Zainab has no friends and doesn’t own a pair of Lucky Jeans, she is the only one in 8th grade that doesn’t.  She feels like if she could trade in her polyester pants for the “cool” pants everyone has, she’d be accepted.  When that plan fails and lands her in trouble, she gets tasked with directing her house’s school play.  The teacher convinces her that it will be a way for her to make friends, and earn her classmates respect, but middle school is never that easy.  Everyone is in love with Kevin, including Zainab, but he is a jerk and if he isn’t the lead, no one else will audition.  Jenny is poor, but has a big chest, so even though she is nice to Zainab, she is more in love with Kevin who only wants her for one thing, and takes advantage whenever his girlfriend isn’t around.  Add to the drama Zainab’s very strict older sister who lists off Zainab’s faults every night with Islamic references to try and make Zainab a better person, and this coming of age story will require Zainab to sort through it all and find her own way to be.  There are a lot of subplots that circle around the play, social circles, toxic relationships, and self growth, that while the characters are worried if they will win the competition and break the curse, the readers (at least this 41 year old mama) are hoping that the characters will survive the year unscathed.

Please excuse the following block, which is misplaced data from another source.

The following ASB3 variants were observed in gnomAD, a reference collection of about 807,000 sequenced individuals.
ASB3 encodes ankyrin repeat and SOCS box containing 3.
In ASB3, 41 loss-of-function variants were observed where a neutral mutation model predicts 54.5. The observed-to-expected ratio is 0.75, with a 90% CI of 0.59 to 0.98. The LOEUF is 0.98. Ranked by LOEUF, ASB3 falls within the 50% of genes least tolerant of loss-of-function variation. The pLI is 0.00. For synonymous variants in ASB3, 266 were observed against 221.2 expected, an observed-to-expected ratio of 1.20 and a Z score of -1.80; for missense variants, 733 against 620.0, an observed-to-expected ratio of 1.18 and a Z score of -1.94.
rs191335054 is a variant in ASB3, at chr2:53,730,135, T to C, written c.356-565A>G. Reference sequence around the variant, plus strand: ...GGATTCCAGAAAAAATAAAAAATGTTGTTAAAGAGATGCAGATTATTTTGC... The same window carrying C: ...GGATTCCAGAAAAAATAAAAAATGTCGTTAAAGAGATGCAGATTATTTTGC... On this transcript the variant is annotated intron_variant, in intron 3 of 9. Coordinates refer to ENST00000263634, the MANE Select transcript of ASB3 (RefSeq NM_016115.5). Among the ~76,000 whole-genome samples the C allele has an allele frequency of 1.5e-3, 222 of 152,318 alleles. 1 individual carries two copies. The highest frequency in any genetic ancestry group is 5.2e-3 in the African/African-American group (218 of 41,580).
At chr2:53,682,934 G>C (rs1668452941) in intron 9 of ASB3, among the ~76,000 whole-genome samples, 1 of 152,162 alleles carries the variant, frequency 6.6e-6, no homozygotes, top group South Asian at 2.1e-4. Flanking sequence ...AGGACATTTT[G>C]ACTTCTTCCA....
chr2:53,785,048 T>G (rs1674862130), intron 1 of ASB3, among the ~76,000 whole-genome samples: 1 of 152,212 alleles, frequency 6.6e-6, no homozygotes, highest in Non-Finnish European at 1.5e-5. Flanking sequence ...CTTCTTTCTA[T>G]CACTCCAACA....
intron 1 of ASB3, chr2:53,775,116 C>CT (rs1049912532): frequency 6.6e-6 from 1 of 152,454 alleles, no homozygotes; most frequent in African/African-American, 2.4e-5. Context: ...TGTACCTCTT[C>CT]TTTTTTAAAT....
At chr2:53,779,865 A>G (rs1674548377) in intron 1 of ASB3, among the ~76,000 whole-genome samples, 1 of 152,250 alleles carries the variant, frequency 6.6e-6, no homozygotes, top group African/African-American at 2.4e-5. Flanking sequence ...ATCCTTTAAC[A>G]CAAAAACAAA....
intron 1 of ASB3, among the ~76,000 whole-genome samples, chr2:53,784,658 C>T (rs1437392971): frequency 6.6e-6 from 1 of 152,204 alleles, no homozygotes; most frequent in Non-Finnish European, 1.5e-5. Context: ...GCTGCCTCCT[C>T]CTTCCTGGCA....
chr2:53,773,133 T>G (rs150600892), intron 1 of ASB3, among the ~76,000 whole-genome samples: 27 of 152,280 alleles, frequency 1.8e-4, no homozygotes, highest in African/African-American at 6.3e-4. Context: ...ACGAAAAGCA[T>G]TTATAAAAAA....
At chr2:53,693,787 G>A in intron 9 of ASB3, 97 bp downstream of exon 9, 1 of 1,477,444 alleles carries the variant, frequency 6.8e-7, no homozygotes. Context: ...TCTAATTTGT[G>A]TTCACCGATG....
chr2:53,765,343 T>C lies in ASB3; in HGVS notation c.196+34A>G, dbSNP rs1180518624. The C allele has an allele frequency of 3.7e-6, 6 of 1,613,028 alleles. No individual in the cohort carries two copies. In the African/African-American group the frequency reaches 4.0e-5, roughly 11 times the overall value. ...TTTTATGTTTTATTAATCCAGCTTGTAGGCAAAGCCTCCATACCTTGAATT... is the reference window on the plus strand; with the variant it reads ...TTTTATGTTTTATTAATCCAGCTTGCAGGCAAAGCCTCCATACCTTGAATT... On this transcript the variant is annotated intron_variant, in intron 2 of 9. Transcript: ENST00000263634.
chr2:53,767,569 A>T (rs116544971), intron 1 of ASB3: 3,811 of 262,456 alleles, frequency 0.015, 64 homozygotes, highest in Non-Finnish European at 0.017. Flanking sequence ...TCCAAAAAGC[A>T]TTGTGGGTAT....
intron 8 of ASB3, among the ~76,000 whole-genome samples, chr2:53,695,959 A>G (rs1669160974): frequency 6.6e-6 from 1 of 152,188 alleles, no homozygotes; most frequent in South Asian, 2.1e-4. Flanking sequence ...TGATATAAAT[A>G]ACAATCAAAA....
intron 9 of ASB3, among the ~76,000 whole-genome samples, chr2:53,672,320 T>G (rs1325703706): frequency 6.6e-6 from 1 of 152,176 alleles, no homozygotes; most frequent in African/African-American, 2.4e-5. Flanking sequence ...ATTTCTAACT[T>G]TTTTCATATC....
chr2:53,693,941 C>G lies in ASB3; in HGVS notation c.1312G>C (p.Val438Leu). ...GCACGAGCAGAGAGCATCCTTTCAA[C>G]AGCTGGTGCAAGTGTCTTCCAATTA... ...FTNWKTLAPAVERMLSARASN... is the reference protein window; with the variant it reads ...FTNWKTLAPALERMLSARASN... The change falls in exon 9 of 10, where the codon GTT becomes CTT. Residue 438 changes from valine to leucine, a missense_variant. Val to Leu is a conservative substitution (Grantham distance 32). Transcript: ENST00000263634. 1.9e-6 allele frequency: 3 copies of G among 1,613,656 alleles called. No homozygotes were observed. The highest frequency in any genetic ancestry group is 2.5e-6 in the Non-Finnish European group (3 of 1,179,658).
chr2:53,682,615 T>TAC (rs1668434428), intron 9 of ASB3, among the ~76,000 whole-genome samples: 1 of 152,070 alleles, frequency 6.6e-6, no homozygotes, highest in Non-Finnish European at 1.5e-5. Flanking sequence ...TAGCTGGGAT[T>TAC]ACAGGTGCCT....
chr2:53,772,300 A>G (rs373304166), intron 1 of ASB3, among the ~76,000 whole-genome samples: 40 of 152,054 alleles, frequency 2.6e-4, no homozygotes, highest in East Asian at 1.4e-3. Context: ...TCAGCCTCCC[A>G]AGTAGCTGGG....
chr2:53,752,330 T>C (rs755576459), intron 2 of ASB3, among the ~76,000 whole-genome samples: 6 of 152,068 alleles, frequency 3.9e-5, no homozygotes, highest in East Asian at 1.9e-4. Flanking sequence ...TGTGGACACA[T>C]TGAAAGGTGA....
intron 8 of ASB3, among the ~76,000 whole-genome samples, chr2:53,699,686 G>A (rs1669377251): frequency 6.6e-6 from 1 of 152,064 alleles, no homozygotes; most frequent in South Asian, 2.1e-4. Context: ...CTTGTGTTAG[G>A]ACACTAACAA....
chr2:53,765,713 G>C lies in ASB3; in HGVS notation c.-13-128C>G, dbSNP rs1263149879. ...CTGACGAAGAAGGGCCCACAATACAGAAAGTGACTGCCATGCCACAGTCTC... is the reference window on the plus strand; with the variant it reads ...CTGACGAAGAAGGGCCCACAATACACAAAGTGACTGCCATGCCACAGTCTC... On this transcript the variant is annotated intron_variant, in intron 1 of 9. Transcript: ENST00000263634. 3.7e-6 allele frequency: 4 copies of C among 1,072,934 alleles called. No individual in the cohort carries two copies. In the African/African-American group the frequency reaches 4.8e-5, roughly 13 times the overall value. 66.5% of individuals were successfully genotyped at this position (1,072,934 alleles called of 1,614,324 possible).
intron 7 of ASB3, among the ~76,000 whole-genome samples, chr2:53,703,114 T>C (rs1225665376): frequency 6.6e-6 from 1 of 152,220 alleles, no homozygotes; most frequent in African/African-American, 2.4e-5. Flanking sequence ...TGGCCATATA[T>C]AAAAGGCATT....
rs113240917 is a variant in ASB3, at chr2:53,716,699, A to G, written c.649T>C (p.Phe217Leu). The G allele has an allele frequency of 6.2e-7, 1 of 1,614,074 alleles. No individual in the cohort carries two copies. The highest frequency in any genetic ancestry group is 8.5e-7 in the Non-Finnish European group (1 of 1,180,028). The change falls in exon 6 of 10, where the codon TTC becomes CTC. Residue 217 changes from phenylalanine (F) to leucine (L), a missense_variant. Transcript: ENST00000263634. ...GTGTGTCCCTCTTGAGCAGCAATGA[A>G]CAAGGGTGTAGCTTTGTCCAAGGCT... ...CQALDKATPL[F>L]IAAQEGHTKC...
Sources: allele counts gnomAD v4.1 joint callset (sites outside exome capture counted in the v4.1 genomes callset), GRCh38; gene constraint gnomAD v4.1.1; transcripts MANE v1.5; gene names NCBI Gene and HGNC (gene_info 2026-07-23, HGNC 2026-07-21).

WHY I LIKE IT:

I love that the family is the same family that will become its own story in Big Red Lollipop just grown up, with names changes, and that the story is summarized.  I’m still a little torn if I love the raw grittiness of the way the two sisters interact or if it goes too far and leaves a bitter taste about Islam.  I really am on the fence about how young readers, both Muslim and non Muslim, in 1999 and in 2022, would view the role of Islam in the dynamic.  I think it reads powerfully, but I had a hard time going back to look at it through my 13 year old eyes and it as an adult it is intense.  I still can’t believe that this book was published with how much Islam it contains, even the play put on in a public school was religiously centered.  White privilege is called out and stereotypes about whites are stated, a Hindu character and the Muslim main character work through their baggage, economic privilege is opined on, women’s rights and expectations discussed, comments about “othering” are present-  it really covers a lot. Quite impressive in a lot of ways.